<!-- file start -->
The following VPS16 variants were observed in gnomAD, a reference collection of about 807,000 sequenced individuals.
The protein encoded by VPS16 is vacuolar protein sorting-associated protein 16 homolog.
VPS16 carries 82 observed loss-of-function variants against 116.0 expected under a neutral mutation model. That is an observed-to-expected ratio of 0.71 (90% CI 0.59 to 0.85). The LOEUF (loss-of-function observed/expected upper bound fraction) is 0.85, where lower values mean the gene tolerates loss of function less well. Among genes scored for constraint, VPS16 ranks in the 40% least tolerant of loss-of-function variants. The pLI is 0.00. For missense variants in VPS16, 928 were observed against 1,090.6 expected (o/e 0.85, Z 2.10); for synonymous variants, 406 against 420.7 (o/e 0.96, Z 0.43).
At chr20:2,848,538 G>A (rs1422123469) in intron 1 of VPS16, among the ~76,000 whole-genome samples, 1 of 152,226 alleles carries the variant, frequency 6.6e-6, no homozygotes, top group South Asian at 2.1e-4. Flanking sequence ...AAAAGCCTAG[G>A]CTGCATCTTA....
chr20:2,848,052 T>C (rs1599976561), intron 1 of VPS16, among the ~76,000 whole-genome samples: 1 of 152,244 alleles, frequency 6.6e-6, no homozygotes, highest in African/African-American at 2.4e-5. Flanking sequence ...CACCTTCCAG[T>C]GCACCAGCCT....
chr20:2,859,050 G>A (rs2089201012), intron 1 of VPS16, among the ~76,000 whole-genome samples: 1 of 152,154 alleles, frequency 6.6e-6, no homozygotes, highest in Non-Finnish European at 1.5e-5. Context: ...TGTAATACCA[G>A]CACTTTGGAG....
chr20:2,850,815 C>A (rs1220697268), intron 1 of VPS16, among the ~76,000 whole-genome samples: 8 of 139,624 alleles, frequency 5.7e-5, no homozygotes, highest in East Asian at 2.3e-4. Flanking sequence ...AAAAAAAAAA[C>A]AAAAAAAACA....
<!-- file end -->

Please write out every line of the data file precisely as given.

The following VPS16 variants were observed in gnomAD, a reference collection of about 807,000 sequenced individuals.
The protein encoded by VPS16 is vacuolar protein sorting-associated protein 16 homolog.
VPS16 carries 82 observed loss-of-function variants against 116.0 expected under a neutral mutation model. That is an observed-to-expected ratio of 0.71 (90% CI 0.59 to 0.85). The LOEUF (loss-of-function observed/expected upper bound fraction) is 0.85, where lower values mean the gene tolerates loss of function less well. Among genes scored for constraint, VPS16 ranks in the 40% least tolerant of loss-of-function variants. The pLI is 0.00. For missense variants in VPS16, 928 were observed against 1,090.6 expected (o/e 0.85, Z 2.10); for synonymous variants, 406 against 420.7 (o/e 0.96, Z 0.43).
At chr20:2,848,538 G>A (rs1422123469) in intron 1 of VPS16, among the ~76,000 whole-genome samples, 1 of 152,226 alleles carries the variant, frequency 6.6e-6, no homozygotes, top group South Asian at 2.1e-4. Flanking sequence ...AAAAGCCTAG[G>A]CTGCATCTTA....
chr20:2,848,052 T>C (rs1599976561), intron 1 of VPS16, among the ~76,000 whole-genome samples: 1 of 152,244 alleles, frequency 6.6e-6, no homozygotes, highest in African/African-American at 2.4e-5. Flanking sequence ...CACCTTCCAG[T>C]GCACCAGCCT....
chr20:2,859,050 G>A (rs2089201012), intron 1 of VPS16, among the ~76,000 whole-genome samples: 1 of 152,154 alleles, frequency 6.6e-6, no homozygotes, highest in Non-Finnish European at 1.5e-5. Context: ...TGTAATACCA[G>A]CACTTTGGAG....
chr20:2,850,815 C>A (rs1220697268), intron 1 of VPS16, among the ~76,000 whole-genome samples: 8 of 139,624 alleles, frequency 5.7e-5, no homozygotes, highest in East Asian at 2.3e-4. Flanking sequence ...AAAAAAAAAA[C>A]AAAAAAAACA....